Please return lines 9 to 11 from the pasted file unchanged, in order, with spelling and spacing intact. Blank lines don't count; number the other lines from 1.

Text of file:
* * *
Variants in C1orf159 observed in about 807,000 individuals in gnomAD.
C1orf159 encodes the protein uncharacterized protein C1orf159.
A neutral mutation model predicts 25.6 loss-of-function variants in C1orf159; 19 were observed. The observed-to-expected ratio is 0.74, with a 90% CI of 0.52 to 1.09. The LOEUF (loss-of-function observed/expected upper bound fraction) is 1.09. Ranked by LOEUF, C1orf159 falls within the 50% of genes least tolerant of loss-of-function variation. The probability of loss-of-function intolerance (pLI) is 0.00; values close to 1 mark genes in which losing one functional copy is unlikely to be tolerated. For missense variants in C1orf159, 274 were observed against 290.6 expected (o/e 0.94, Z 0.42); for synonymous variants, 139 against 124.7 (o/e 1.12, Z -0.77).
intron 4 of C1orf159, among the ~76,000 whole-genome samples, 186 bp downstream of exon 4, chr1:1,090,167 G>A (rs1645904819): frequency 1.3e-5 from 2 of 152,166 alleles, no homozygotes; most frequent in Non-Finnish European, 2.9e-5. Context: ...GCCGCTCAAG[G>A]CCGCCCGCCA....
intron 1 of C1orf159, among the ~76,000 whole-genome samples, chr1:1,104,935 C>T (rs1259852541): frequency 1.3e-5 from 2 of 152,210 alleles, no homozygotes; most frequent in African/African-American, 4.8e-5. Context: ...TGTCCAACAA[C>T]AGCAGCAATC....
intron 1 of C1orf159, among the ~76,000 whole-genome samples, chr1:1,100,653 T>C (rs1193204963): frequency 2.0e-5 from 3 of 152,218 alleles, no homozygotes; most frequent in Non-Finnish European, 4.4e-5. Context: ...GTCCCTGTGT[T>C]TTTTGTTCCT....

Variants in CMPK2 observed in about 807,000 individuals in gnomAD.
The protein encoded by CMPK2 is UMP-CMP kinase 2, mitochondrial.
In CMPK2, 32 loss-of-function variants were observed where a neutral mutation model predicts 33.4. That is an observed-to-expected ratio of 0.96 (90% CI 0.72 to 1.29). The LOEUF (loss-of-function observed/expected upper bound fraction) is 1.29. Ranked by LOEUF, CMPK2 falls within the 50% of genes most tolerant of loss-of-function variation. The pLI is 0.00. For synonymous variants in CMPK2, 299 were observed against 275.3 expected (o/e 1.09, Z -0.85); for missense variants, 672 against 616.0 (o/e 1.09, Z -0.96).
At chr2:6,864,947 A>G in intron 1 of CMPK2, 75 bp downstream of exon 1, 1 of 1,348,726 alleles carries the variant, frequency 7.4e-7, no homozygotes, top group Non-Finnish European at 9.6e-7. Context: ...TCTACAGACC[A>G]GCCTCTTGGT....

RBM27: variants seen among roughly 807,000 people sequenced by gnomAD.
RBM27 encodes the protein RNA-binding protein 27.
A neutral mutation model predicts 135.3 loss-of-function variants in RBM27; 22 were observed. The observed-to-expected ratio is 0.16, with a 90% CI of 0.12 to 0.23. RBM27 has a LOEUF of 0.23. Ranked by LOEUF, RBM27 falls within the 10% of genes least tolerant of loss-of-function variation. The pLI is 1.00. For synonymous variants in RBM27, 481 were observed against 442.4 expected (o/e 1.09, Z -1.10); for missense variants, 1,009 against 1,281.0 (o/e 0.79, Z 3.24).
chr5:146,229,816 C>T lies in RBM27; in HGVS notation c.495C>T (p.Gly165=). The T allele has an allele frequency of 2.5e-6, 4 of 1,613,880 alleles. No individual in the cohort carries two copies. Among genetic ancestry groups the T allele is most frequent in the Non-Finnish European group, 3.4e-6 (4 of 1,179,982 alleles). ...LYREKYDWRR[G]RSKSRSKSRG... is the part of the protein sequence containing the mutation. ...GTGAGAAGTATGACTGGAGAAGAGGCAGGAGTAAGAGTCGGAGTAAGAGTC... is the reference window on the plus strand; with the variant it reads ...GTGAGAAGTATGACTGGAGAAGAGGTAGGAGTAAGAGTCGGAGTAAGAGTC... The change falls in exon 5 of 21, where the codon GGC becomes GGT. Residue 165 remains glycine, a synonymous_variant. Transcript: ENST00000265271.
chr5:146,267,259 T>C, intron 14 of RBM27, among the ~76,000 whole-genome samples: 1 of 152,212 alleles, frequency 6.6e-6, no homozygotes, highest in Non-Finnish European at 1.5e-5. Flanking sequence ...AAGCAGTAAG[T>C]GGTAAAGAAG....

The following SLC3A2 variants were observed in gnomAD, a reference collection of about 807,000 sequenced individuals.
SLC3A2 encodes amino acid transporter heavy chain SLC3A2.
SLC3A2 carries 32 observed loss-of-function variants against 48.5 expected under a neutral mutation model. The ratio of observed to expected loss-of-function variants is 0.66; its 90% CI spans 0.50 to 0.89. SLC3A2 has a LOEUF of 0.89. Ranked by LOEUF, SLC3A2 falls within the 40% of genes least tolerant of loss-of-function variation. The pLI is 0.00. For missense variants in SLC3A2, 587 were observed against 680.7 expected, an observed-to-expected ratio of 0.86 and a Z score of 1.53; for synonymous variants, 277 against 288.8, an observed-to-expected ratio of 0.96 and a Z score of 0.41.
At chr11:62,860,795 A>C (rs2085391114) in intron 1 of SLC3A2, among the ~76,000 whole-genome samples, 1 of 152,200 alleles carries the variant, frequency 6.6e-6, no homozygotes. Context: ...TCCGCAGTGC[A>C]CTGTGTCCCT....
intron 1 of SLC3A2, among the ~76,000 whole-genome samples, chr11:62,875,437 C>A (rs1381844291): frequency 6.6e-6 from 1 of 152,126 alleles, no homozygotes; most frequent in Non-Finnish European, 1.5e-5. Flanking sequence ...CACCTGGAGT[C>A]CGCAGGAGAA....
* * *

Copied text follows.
In CMPK2, 32 loss-of-function variants were observed where a neutral mutation model predicts 33.4. That is an observed-to-expected ratio of 0.96 (90% CI 0.72 to 1.29). The LOEUF (loss-of-function observed/expected upper bound fraction) is 1.29. Ranked by LOEUF, CMPK2 falls within the 50% of genes most tolerant of loss-of-function variation. The pLI is 0.00. For synonymous variants in CMPK2, 299 were observed against 275.3 expected (o/e 1.09, Z -0.85); for missense variants, 672 against 616.0 (o/e 1.09, Z -0.96).
At chr2:6,864,947 A>G in intron 1 of CMPK2, 75 bp downstream of exon 1, 1 of 1,348,726 alleles carries the variant, frequency 7.4e-7, no homozygotes, top group Non-Finnish European at 9.6e-7. Context: ...TCTACAGACC[A>G]GCCTCTTGGT....

RBM27: variants seen among roughly 807,000 people sequenced by gnomAD.